Friedberg sees a potential Chinese threat as having a similarity with anticipated Soviet development of intercontinental bombers and ballistic missiles in the early phase of the Cold War. US policymakers were long preoccupied with convincing their North Atlantic Treaty Organization (NATO) allies, the Soviets, and perhaps themselves that the United States would indeed intervene in a European war even if in doing so it risked nuclear attack on its own soil. Just as much as what the United States did in Europe was motivated by the desire to strengthen deterrence in the face of increasing Soviet intercontinental-strike capabilities, the US now faces the same challenge in Asia. China might try to use doubts about US resolve on the part of its allies as a way of undermining the United States' position in Asia.

Friedberg reminds readers that in 1995, a high-ranking Chinese official was widely quoted as having told a visitor that the United States would not come to Taiwan's rescue because, in the end, Americans cared more about Los Angeles than Taipei. More recently, during the run-up to the March 2000 Taiwanese presidential election, China's official armed-forces newspaper warned that, unlike Iraq or Yugoslavia, China is "a country that has certain abilities of launching strategic counterattack and the capacity of launching a long-distance strike ... It is not a wise move to be at war with a country such as China, a point which the US policymakers know fairly well also."

Friedberg acknowledges that these threats were evidently intended to give pause to anyone contemplating possible conventional strikes on Chinese forces or territory in the context of military conflict over Taiwan. Yet he speculates that in the future, Chinese strategists might issue more generalized warnings, perhaps suggesting that the growth in their striking power means that the United States will have to contemplate sacrificing Washington to save Tokyo, or Seoul, or Sydney, or Manila, or Singapore. Such comments would be directed more at Asian than at US audiences, and their aim would be not so much to deter the United States as to raise questions about its ability to deter China. The ultimate aim would be to raise doubts in the minds of Asian observers as to the continuing value of US security commitments.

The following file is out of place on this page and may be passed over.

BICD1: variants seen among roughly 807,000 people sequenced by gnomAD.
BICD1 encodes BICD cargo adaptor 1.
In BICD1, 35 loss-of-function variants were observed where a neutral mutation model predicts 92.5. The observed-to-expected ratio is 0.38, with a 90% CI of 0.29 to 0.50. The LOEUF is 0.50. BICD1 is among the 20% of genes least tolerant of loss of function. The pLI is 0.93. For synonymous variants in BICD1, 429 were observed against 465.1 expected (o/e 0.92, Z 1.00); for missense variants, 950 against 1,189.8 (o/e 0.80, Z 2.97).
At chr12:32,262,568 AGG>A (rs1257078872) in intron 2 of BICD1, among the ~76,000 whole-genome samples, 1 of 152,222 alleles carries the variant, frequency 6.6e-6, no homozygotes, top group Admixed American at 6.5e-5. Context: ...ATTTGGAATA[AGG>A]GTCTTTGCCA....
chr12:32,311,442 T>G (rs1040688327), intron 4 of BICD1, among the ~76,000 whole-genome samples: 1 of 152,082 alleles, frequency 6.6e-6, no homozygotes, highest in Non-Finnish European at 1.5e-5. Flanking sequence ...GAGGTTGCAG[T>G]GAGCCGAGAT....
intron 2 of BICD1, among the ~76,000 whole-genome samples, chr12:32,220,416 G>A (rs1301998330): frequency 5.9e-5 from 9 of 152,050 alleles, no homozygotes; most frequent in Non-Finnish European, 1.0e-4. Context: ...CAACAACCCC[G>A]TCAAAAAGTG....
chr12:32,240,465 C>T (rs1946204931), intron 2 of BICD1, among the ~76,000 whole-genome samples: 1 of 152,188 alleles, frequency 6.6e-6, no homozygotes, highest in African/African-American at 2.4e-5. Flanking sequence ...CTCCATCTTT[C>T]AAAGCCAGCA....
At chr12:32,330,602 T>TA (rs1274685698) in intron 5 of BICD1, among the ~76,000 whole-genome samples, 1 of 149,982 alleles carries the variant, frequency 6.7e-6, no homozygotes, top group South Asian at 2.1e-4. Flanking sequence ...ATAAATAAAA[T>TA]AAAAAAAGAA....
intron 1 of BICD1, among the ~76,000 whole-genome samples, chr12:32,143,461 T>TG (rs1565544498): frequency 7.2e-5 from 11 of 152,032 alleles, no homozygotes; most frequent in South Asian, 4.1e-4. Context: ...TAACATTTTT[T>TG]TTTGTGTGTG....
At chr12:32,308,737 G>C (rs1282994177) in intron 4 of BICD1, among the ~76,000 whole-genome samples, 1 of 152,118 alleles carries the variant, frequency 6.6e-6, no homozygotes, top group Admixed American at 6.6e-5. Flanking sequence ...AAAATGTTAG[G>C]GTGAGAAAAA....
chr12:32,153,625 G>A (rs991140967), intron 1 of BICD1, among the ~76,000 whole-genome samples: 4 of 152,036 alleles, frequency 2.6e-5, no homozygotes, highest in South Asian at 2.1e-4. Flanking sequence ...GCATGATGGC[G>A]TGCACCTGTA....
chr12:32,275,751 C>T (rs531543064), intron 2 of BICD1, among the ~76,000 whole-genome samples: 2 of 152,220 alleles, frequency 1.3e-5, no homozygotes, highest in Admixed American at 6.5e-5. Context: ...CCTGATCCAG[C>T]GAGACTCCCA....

Yet Friedberg needs to allow that security analysts of US allies are not children. They have long contemplated the logic of this issue without any suggestion from China. Such doubts exist on their own logic, and not as a result of Chinese psychological warfare. There is no rational basis to contemplate a Chinese invasion of Japan, Korea, Australia, the Philippines or any other nation. China has not declared those who are not with it are against it. US bases in these countries would be subject to Chinese attack only if the US attacked China from these bases.

What Friedberg misses in this line of thinking is that Chinese reunification of Taiwan is of a fundamentally different character from the fantastic prospect of China attacking Japan. Taiwan is an internal affair of China, a leftover issue of a civil war that remains unresolved only because of US interference. None of the Asian allies of the United States is prepared to risk a war with China over Taiwan. On this issue, even official US policy is ambiguous, with commitment only to help Taiwan defend itself, stopping short of direct US intervention. Chinese action on Taiwan is not an act of international aggression.

Outside of the Taiwan issue and US fantasy about regime change in China, military rivalry between the United States and China falls into the category of idle speculation. Even in its most radical, belligerent phase, China never contemplated any role in bringing about regime change in the United States. That is an issue for US voters to decide. The same cannot be said of US policy toward China or other nations. Thus the whole world knows who is the belligerent party in US-China relations.